Bringing a will challenge in Pennsylvania represents a difficult undertaking. In the first place, in order to commence such a lawsuit, the decedent must have been your spouse, parent, child or another very close relative. In addition, you must have legal grounds for your lawsuit. Your mere disappointment that the decedent failed to leave you the inheritance you expected does not count.

Instead, you must claim one or more of the following:

  • That the decedent lacked the testamentary capacity to make his or her last will and testament
  • That (s)he failed to properly execute the will in question
  • That (s)he was under the undue influence of another at the time (s)he made the will in question
  • That another valid will exists that supersedes the will in question
  • That the will in question is fraudulent or forged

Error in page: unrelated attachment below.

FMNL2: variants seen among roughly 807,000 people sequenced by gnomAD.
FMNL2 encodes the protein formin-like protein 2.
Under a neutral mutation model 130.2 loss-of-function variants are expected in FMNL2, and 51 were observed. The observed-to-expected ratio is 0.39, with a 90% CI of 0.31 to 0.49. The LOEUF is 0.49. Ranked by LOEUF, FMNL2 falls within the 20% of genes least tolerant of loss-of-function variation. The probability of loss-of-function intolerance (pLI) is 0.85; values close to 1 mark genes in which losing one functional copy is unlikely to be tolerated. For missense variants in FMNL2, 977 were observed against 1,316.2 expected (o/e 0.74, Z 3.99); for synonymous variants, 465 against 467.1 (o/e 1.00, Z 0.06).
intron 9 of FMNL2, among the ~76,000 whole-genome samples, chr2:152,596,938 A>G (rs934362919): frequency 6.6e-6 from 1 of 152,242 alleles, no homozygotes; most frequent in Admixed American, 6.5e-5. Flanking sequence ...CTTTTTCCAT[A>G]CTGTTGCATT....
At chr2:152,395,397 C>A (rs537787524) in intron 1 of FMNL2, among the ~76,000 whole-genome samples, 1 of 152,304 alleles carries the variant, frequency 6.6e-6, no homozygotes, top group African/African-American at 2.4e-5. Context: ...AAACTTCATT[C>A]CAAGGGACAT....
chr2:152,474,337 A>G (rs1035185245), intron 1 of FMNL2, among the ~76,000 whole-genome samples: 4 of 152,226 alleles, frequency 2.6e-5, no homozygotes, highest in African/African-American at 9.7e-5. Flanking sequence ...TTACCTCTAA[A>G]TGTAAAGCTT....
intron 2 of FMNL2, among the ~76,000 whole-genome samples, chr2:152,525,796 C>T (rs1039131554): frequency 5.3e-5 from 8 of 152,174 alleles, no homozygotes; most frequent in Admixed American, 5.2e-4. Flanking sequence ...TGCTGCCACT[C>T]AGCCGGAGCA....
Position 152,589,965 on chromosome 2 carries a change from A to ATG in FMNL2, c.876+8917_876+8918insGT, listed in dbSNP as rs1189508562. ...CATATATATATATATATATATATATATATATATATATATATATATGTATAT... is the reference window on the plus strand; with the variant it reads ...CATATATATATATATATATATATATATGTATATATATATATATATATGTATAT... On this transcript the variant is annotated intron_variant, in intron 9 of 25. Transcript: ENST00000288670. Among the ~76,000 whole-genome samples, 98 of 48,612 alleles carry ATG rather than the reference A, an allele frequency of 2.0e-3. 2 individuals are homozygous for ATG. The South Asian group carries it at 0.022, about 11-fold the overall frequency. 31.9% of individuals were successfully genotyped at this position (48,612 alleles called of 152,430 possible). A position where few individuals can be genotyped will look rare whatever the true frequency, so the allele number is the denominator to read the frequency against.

Testamentary capacity

To successfully prove lack of testamentary capacity, you need to provide clear and convincing evidence that the decedent failed to have the level of mental competence necessary to understand the following:

  • The fact that (s)he was making his or her will at the time (s)he made it
  • The general nature and extent of the property and assets (s)he owned
  • The names and relationships of his or her various family members
  • The people (s)he was designating as his or her heirs
  • The bequests (s)he was leaving them and the approximate value of those bequests
  • How his or her will and bequests would affect his or her other family members

Undue influence

To successfully prove undue influence, your evidence will have to show that someone wielded so much power and influence over the decedent that the provisions of his or her will do not reflect his or her own wishes but those of the undue influencer.